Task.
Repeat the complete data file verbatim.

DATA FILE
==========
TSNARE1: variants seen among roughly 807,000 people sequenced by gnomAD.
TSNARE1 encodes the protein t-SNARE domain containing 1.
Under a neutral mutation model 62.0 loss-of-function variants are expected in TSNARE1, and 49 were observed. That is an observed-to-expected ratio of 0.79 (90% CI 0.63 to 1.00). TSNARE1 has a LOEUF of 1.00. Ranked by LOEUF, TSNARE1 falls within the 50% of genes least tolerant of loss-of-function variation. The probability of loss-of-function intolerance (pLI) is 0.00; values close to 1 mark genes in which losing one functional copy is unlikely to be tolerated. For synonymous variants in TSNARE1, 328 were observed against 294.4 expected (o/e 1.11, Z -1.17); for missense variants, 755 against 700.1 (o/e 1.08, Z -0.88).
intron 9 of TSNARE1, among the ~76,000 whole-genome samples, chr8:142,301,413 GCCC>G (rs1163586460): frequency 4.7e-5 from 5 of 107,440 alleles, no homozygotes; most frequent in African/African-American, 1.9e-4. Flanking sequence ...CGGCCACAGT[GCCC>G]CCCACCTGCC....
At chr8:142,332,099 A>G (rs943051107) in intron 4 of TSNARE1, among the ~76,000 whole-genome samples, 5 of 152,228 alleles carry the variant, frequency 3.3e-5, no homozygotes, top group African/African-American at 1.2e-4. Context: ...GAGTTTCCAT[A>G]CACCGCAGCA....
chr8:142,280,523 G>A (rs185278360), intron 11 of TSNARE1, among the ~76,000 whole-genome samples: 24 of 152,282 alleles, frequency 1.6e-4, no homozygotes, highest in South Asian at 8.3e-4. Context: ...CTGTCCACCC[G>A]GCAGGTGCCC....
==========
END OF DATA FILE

TSNARE1: variants seen among roughly 807,000 people sequenced by gnomAD.
TSNARE1 encodes the protein t-SNARE domain containing 1.
Under a neutral mutation model 62.0 loss-of-function variants are expected in TSNARE1, and 49 were observed. That is an observed-to-expected ratio of 0.79 (90% CI 0.63 to 1.00). TSNARE1 has a LOEUF of 1.00. Ranked by LOEUF, TSNARE1 falls within the 50% of genes least tolerant of loss-of-function variation. The probability of loss-of-function intolerance (pLI) is 0.00; values close to 1 mark genes in which losing one functional copy is unlikely to be tolerated. For synonymous variants in TSNARE1, 328 were observed against 294.4 expected (o/e 1.11, Z -1.17); for missense variants, 755 against 700.1 (o/e 1.08, Z -0.88).
intron 9 of TSNARE1, among the ~76,000 whole-genome samples, chr8:142,301,413 GCCC>G (rs1163586460): frequency 4.7e-5 from 5 of 107,440 alleles, no homozygotes; most frequent in African/African-American, 1.9e-4. Flanking sequence ...CGGCCACAGT[GCCC>G]CCCACCTGCC....
At chr8:142,332,099 A>G (rs943051107) in intron 4 of TSNARE1, among the ~76,000 whole-genome samples, 5 of 152,228 alleles carry the variant, frequency 3.3e-5, no homozygotes, top group African/African-American at 1.2e-4. Context: ...GAGTTTCCAT[A>G]CACCGCAGCA....
chr8:142,280,523 G>A (rs185278360), intron 11 of TSNARE1, among the ~76,000 whole-genome samples: 24 of 152,282 alleles, frequency 1.6e-4, no homozygotes, highest in South Asian at 8.3e-4. Context: ...CTGTCCACCC[G>A]GCAGGTGCCC....